Saturday, October 16

Chicken buses

a chicken bus, photo by David Dennis,

Chicken buses don't actually have chickens on them. At least our chicken buses didn't. They're old American school buses painted bright colors. It's the cheapest way to get around - today we traveled over 120 kilometers for less than $7 USD.

Each bus has a helper, or ayudante. He walks around the bus terminals (i.e. streets where all the buses congregate) shouting his bus's destination and helping passengers with their bags (i.e. throwing them on top of the bus). This morning we found the ayudante for chicken bus #1. After taking a duffel bag in each hand, he started asking us questions. Uh-oh. I still believe he was asking where in the city of Esquintla we wanted to stop. I kept saying, McDonald's, and that our final destination was Retalhuleu. But he never seemed to understand. Eventually he shrugged, threw our bags on top of the bus, and welcomed us aboard. An hour and a half later, as the bus was picking up speed after a brief stop, Hannah shouted, "HEY! Isn't that..." And indeed, there were McDonald's golden arches. We nodded vigorously at the ayudante, who pounded his fist on the side of the bus, telling the driver to stop, scrambled up to the roof, and tossed our bags onto the sidewalk. As the bus drove away, I gave him a big smile and a dramatic wave good-bye. He was still on the roof laughing.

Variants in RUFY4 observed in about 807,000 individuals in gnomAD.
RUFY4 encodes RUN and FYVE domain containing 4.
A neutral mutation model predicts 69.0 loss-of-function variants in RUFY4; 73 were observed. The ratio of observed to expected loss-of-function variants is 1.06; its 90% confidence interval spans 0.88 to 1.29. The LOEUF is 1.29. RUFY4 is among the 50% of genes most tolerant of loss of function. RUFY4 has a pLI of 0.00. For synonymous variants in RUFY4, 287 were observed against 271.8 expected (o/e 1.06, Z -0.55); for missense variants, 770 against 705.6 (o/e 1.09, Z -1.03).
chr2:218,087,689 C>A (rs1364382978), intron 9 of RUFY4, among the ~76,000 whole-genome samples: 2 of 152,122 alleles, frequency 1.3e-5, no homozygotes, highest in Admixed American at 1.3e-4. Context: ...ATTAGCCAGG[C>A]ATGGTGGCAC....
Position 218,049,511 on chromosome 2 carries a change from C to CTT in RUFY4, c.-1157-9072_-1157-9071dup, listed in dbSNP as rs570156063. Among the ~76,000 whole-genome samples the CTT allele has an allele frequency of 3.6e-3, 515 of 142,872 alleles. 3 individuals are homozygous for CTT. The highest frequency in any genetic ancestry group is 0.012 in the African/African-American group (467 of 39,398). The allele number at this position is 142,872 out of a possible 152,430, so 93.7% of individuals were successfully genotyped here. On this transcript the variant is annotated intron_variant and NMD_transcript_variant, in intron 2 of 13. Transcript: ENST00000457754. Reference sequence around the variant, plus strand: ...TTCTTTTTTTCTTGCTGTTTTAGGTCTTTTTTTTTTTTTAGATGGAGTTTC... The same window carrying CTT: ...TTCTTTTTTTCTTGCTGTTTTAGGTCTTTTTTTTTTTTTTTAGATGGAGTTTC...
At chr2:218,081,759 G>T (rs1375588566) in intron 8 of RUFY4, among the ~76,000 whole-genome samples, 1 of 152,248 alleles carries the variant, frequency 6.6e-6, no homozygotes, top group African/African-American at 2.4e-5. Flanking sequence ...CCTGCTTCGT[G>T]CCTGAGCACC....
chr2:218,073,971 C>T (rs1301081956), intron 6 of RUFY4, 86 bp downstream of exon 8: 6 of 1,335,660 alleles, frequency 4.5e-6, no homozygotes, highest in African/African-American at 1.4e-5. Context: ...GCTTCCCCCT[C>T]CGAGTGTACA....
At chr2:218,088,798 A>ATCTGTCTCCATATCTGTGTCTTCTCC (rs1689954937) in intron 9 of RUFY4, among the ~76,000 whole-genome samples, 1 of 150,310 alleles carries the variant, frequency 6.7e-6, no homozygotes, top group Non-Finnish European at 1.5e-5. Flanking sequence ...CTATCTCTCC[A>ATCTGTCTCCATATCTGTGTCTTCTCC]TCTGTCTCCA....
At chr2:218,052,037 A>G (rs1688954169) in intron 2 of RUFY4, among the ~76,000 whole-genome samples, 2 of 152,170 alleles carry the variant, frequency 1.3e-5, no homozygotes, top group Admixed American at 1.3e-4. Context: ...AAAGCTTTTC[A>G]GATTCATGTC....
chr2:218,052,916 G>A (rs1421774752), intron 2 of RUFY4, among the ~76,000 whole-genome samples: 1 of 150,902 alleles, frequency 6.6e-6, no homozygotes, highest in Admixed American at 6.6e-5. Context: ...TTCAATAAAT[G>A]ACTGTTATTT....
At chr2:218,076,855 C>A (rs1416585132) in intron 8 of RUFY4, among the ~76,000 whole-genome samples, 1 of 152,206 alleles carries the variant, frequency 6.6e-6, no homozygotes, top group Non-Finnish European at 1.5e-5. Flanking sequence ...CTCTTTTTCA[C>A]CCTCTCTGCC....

Other highlights of the day include climbing up the back of chicken bus #2 as it pulled out of the terminal at 40mph (I may be exaggerating) and riding our first tuk tuk after disembarking in the middle of Retalhuleu, having no idea where we were or where we were going.

a tuk tuk, photo borrowed from

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